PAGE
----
If you're anything like me, you've gotten more than a few ponies that needed some serious hair help! Whether it's a manky, frizzy pony from eBa... er, some auction site, or a brand new G3 with wild "box hair", these techniques should help you tame those tresses and have your pony ready for her photo-shoot in no time!

Help me! I have wild 'box hair'!

Step 1: Wash the ponies' hair as you would your own, with warm water and shampoo. You can also use antibacterial dish soap if you're concerned about germs and where your pony has been. Once rinsed and clean, it's time for conditioner. I like to use a thick, creamy conditioner such as Aussie or Back to Basics, just whatever I'm currently using. Slather it in and comb the conditioner through her hair. Start at the ends, gently combing out the tangles, and work your way back toward the roots until its all combed through. Let the conditioner stand for a while (like 5 minutes or so). Rinse her hair with warm water until the conditioner is *almost* completely gone. Squeeze out the excess water from her mane and tail, and comb through again. Now, if you've got a silky-haired pony, you can move on to Step 3. If she's frizzy, keep reading...

Step 2: For frizzy ponies, a gentle heating is required to straighten. I've heard some people claim that they use actual human hair straighteners on their ponies, but I cannot attest to that technique, as I haven't tried it personally. *has perpetually straight hair already* However, I've used my iron (yes, the kind to iron your clothes with) and ironing board with great success. Set your iron on the lowest heat setting possible. Make sure your pony has wet hair, and re-slather her with conditioner. Now, with the conditioner still in, comb her hair out straight on the ironing board, and press her hair. Make sure you start at the base of her mane/tail and pull the hair through under the iron, so that you don't burn any one spot. Repeat this step a few times, re-wetting, re-combing, and re-conditioning as needed in between each pass. Be careful! Giving the hair more than a few passes tends to make it a bit coarse.

Once you have achieved your maximum flattening, rinse the pony's hair thoroughly and squeeze out the excess water in a towel. Your pony should now be significantly less frizzy. If she's almost perfect, I suggest a straight do, like Bubbles has. If she's still a bit frizzy at the ends, you can hide a lot of it with curls. ;)

Poor frizzy Sand Digger


Step 3a (straight hair): When a pony has nice silky hair, I like to show it off with a "Bubbles" style: the classic MLP "bob". This look is easy to achieve. Simply wrap the wet hair neatly around the pony's neck, and secure it with bath tissue. I usually tear off 3 squares-length, and fold it into thirds longways. Then wrap the tissue around the neck and secure it either with a small piece of tape, or with a ponytail elastic around it (be careful to use the clear kind, so as not to stain the pony). Wrap her tail around her back leg, and secure it in the same fashion with tissue. Let her dry overnight and remove tissue. She should look gorgeous already, but you can either finger-comb her hair, shake her hair out, or comb it to make it look a little less "set".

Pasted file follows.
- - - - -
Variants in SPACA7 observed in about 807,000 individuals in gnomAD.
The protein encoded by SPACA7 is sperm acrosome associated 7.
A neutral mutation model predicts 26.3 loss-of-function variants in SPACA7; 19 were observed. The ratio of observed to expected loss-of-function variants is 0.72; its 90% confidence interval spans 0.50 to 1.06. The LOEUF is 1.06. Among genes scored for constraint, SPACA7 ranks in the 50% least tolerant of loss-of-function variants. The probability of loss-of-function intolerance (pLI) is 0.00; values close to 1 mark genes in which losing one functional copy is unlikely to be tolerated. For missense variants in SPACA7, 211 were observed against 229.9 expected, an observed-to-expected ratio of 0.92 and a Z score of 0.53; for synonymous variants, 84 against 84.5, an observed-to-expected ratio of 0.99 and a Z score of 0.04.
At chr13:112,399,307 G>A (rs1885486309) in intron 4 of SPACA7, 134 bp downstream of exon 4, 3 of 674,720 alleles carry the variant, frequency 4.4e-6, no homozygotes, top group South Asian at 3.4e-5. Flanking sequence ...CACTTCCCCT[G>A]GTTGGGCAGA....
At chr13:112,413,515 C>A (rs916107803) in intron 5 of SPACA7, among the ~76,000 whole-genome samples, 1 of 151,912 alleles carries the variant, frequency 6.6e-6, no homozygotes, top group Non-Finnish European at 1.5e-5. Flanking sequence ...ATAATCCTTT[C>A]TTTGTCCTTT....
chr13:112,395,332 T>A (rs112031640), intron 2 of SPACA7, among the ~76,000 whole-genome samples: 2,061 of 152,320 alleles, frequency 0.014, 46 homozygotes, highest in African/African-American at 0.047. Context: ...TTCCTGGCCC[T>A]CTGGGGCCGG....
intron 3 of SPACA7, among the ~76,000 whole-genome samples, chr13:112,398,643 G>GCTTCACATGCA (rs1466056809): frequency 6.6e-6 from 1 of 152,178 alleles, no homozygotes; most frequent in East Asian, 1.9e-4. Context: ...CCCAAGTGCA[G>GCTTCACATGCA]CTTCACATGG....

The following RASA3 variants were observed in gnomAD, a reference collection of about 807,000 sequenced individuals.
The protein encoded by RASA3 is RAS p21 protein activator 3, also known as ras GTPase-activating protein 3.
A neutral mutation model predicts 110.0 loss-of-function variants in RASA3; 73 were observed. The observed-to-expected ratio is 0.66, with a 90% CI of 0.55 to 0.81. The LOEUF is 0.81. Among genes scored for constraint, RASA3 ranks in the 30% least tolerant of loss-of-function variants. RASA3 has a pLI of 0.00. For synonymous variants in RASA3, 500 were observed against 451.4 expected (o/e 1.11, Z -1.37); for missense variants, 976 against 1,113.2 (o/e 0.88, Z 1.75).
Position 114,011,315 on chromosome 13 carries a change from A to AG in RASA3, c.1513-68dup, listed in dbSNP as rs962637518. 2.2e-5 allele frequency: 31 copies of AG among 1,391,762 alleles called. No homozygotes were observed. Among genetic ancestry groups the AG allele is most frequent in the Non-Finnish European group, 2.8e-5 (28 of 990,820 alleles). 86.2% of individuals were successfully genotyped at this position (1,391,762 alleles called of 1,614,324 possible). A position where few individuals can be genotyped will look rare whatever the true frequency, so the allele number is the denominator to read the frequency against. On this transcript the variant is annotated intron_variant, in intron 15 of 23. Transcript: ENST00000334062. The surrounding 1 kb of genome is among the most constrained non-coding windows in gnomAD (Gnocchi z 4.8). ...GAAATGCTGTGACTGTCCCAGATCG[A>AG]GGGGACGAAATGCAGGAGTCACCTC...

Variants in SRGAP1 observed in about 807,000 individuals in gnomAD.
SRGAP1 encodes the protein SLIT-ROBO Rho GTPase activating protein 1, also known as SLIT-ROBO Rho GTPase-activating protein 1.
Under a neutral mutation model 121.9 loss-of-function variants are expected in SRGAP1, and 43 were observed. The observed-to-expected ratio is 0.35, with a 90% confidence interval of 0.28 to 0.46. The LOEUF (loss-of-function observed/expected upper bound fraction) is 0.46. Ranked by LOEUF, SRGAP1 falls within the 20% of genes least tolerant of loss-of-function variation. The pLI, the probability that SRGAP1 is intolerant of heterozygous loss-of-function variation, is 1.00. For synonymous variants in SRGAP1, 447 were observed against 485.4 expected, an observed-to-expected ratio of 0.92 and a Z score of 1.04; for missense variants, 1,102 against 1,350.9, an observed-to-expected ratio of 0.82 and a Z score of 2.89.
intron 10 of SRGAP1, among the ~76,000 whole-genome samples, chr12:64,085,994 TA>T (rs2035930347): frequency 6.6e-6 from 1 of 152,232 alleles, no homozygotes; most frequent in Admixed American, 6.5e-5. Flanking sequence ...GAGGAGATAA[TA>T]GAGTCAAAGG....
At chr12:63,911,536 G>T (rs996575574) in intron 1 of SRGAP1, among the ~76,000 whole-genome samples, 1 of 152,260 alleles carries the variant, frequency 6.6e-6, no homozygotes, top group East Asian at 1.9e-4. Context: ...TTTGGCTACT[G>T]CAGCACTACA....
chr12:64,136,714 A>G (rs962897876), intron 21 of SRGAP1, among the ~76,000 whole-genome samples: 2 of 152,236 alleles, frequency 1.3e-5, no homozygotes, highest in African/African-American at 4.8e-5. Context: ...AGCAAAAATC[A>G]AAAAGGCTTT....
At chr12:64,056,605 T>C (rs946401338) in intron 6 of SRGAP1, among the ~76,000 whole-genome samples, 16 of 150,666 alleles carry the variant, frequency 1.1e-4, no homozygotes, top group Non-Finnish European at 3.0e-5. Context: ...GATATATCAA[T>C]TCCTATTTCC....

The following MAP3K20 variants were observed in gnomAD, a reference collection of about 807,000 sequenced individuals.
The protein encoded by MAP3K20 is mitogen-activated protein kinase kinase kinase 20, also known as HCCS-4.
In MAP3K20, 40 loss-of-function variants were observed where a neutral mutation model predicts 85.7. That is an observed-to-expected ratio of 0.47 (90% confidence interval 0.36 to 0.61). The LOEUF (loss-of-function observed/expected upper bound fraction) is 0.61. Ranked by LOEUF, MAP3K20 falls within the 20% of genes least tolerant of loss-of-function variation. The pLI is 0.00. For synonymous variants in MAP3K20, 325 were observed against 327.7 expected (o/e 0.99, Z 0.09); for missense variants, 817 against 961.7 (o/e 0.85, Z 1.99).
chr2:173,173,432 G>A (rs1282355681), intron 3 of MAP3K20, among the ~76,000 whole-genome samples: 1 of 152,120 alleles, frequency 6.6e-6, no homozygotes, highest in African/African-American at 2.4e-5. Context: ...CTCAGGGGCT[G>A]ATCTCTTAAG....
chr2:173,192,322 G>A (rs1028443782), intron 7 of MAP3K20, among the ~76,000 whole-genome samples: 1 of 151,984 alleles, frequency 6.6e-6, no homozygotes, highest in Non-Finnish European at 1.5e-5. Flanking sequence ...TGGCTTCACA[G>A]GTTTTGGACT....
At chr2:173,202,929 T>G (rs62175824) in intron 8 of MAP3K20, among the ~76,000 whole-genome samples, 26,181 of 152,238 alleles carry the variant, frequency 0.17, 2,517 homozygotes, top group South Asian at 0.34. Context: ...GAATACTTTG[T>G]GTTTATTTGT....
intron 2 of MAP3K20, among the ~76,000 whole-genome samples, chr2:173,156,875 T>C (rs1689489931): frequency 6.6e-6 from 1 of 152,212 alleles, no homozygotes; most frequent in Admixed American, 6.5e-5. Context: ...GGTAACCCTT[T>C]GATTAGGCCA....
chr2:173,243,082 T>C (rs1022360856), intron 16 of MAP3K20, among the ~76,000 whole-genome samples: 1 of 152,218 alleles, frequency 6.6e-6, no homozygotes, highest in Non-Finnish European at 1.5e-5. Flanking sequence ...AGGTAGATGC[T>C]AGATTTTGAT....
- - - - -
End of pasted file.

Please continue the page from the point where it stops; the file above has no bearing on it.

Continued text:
Step 3b (curly hair): There are many ponies who originally came with curly hair. 25 years is a loooong time to hold curl, so perhaps you need to restore that look. Or, for a pony whose hair didn't quite de-frizz enough (or was over-ironed), curls are very forgiving. Either way, the technique once again involves toilet tissue. Tear off 6 - 8 individual squares as well as 6 - 8 pieces that are 2 squares-length long. Gather your comb, scissors, and curlers with your bath tissue and pony and find somewhere nice to sit.:P Section the mane into however many individual curls you want to use. Remember that the more curlers you use, the tighter the curls will be. Comb a section out straight, and lay it in the toilet tissue gently, longways. Fold each side over the hair and wrap it around the curlers. Before securing the curler, use a single-length tissue piece to cushion the elastic, so that it doesn't make an ímprint into the hair. I usually fold that single square in half, and then into thirds, to make it curler-length. Once you get her in rollers, let her dry overnight. When you remove the curlers in the morning, do not brush the hair. You can finger-comb it, or shake it out, but brushing it makes it poofy.

Rarity gets Stylin'

Now don't these gals look fabulous?! Be it curls or long tresses, your pony should now be ready for her photoshoot!

Remember, if you have any questions, you can PM me here at the TP, or post your question in Customs. I'm sure the friendly folks there will have plenty of helpful tips for you! Happy Styling!


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